The first word I ever uttered was the word ‘kaukau’, meaning to swim in Māori. My family used to take summer trips to Marokopa - a notoriously dangerous West Coast fishing beach. Mum loves to recount how I cried for a whole hour because she wouldn’t let her toddler (me) leap into the bubbling waves. “K-kaaukau” I blubbered, all the way home. Marokopa always felt like home, a familiar place where I could do whatever I want. I haven’t been there in years now, but I have a lot of memories there.
It wasn’t until three years ago that I discovered how much of a desirable holiday location my own hometown was. Until then, I had never really stayed home for the summer, preferring to spend it with my cousins elsewhere. But for once, I chose to stay, working at a small holiday park nearby. My first surprise was learning exactly how lovely it was to holiday in my own beautiful bay. The second surprise was learning that all of the families who came to the park have known this, and been visiting, for years.
Over Christmas and into January, a usually quiet stretch of grass turns into its own glorified shantytown. The campervans and loaded cars queue down the road while they wait to check in. They unpack - usually in the same camping spot they’ve had forever - and they know everyone around them. The kids set up stalls, selling their christmas presents, avocados, fidget spinners, eggs, and random things they found on the beach. One year I saw a guy walking around with his kid strapped on top of a fully motorised chilly bin.
I spent my summer working day in day out, serving coffees in this temporary town. Occasionally I had an awful customer or two, but most of them are faithful regulars for two or three, or even four weeks. I came back for another summer and still serve them the same coffee orders. They exclaim how good it is to be back, and we talk in critical detail about how the weather has been in the last few weeks. It’s a very kiwi thing, but we all have our own version of the holiday park.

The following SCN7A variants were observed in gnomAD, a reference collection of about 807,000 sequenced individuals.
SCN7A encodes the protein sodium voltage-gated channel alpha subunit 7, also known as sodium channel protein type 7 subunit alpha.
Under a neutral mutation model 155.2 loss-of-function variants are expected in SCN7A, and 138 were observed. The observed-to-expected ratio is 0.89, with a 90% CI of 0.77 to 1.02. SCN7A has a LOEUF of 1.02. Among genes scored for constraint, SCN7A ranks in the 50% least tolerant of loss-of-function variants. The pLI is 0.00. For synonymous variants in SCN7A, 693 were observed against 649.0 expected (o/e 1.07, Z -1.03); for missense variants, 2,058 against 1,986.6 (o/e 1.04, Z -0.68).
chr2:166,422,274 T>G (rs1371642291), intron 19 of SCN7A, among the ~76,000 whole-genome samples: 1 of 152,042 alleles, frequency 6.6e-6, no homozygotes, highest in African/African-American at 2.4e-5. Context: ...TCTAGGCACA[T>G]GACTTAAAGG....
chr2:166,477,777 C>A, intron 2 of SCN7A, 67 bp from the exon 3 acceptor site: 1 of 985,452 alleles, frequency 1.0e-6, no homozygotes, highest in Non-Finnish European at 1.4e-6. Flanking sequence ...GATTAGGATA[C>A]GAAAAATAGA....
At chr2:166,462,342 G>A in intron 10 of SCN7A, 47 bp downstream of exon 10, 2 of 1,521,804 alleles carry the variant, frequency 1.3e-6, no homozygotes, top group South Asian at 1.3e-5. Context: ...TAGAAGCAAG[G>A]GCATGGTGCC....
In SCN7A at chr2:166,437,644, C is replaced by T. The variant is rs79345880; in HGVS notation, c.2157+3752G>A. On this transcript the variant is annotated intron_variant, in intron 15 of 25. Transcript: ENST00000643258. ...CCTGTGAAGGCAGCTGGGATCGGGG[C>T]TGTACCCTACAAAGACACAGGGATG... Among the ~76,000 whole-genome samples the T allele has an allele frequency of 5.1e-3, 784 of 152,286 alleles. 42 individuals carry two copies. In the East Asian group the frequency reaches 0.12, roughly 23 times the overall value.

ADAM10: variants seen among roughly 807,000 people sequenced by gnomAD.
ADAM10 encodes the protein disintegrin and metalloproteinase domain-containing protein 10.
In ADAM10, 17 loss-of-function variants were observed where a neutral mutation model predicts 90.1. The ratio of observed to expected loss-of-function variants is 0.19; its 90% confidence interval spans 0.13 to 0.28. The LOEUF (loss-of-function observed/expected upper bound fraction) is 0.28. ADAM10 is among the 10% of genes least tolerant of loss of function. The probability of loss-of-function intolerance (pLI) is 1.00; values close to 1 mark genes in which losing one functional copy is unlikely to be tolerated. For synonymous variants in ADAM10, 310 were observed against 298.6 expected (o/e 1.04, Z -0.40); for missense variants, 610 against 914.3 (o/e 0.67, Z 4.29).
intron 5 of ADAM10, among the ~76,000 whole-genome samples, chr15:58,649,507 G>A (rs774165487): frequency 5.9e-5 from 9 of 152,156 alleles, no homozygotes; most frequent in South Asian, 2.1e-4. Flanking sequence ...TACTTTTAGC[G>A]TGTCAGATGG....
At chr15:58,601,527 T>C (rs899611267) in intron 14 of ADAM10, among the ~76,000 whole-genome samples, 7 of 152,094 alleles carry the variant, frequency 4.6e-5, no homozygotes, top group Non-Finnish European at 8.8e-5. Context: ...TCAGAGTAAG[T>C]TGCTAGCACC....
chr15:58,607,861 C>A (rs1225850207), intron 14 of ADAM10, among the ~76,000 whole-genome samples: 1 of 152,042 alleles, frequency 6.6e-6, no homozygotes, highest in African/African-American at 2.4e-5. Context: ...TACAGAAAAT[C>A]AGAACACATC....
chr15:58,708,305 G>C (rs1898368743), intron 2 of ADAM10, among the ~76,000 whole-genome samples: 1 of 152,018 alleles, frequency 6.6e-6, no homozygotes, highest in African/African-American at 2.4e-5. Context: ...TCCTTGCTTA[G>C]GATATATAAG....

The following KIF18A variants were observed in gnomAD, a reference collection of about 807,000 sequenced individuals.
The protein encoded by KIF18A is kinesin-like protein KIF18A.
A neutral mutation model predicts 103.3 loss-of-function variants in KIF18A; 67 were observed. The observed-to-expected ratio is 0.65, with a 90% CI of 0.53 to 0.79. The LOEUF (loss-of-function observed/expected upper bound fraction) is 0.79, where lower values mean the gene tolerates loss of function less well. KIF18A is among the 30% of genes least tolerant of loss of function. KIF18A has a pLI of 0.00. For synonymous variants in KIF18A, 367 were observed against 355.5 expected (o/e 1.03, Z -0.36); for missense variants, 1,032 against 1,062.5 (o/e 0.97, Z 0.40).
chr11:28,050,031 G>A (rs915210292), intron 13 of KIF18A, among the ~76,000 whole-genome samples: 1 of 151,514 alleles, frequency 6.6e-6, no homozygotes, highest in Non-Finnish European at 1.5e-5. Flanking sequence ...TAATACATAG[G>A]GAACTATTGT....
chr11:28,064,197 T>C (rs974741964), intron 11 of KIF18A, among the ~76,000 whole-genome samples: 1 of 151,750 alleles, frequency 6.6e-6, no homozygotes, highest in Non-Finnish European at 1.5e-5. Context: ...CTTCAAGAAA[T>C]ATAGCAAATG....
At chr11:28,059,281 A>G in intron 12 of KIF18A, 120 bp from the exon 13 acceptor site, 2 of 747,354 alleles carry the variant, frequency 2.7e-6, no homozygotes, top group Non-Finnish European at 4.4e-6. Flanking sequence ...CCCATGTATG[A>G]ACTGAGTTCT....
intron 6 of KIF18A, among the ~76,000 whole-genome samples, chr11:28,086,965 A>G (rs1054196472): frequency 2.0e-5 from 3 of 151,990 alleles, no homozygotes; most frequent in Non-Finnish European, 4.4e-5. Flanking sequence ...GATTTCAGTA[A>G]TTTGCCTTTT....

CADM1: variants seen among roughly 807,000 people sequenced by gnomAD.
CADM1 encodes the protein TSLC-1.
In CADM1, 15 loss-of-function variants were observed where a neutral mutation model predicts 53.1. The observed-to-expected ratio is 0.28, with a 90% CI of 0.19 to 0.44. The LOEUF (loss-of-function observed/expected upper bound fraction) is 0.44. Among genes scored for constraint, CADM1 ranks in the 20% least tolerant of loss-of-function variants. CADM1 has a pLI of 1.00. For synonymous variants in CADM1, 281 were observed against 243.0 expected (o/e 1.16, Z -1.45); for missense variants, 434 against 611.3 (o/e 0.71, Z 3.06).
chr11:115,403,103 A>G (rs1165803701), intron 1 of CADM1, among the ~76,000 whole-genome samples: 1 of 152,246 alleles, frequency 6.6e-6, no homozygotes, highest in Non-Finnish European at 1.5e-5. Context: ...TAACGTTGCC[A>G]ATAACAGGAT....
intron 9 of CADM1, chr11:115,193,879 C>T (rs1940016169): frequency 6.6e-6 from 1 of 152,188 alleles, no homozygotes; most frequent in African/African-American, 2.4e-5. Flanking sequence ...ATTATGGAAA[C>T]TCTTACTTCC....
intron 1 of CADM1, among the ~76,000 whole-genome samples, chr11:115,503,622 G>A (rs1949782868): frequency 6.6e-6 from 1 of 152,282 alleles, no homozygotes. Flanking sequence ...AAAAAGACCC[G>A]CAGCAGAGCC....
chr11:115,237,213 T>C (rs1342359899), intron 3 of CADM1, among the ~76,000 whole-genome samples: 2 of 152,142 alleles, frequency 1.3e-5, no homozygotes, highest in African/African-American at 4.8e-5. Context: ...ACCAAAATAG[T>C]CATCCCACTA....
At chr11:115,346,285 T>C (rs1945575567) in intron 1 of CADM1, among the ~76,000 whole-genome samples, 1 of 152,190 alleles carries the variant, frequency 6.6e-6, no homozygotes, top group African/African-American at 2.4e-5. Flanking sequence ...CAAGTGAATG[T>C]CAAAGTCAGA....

Holiday time is like some annual shift change - all these people I knew nothing about, who feel entirely at home in my hometown, move in, while we clear out. They feel our home is theirs too, and they proudly wear their citizenship. I had a chat with one of the other workers at the park. He’s 17 and said it was his 18th summer spent at the park. He hoped one day to live here permanently. His grandmother had been coming for close to 50 years, which dates back before the holiday park even existed. Their family had 50 years of memories in my hometown, 50 years of feeling that this was a home for them. One of my other co-workers said that his family turned down a trip to Australia one year, just to return to their prestigious slot at the camp. Over Christmas and New Year, you have to book 6 months in advance to get a place here, and preference is given to those who are returning members.
When I looked at the campground, I thought about all the layers of belonging that were woven on that patch of grass. At the heart, the land belongs first to itself. A strip of paradise a million years old that sinks into the ocean and stretches out to sea. The land belongs to the iwi. It is they who treasure the land as their ancestor, and who hold many stories in their history along the shores of the holiday park. They are the mana whenua, and always will be.
The land belongs to the local council. They have vested interests in the lands, and ratepayers that live in the area. The land belongs to my boss, who raised a family on this land. For those children, the park is a year round home. The land belongs to the locals. We live here rain, hail or shine. We go to school here, we work here, we go about our daily lives. The land belongs to the tourist, who returns here in January every year.
My time at the holiday park has not been a holiday, but I’ve started to see home in a whole new light. After I finish my shift I run straight down to the water for a kaukau. Watching other people on holiday makes me more appreciative of my own backyard.
Holiday parks are familiar. They are a kind reminder of what cohabitation can look like, when Wellingtonians and Aucklanders park up next to each other, right next to travellers from further abroad. The tourists tell me how lucky I must feel to live in a place like this. I say the beaches aren’t as desirable in July, but still, I can’t help but agree with them.Support Villainesse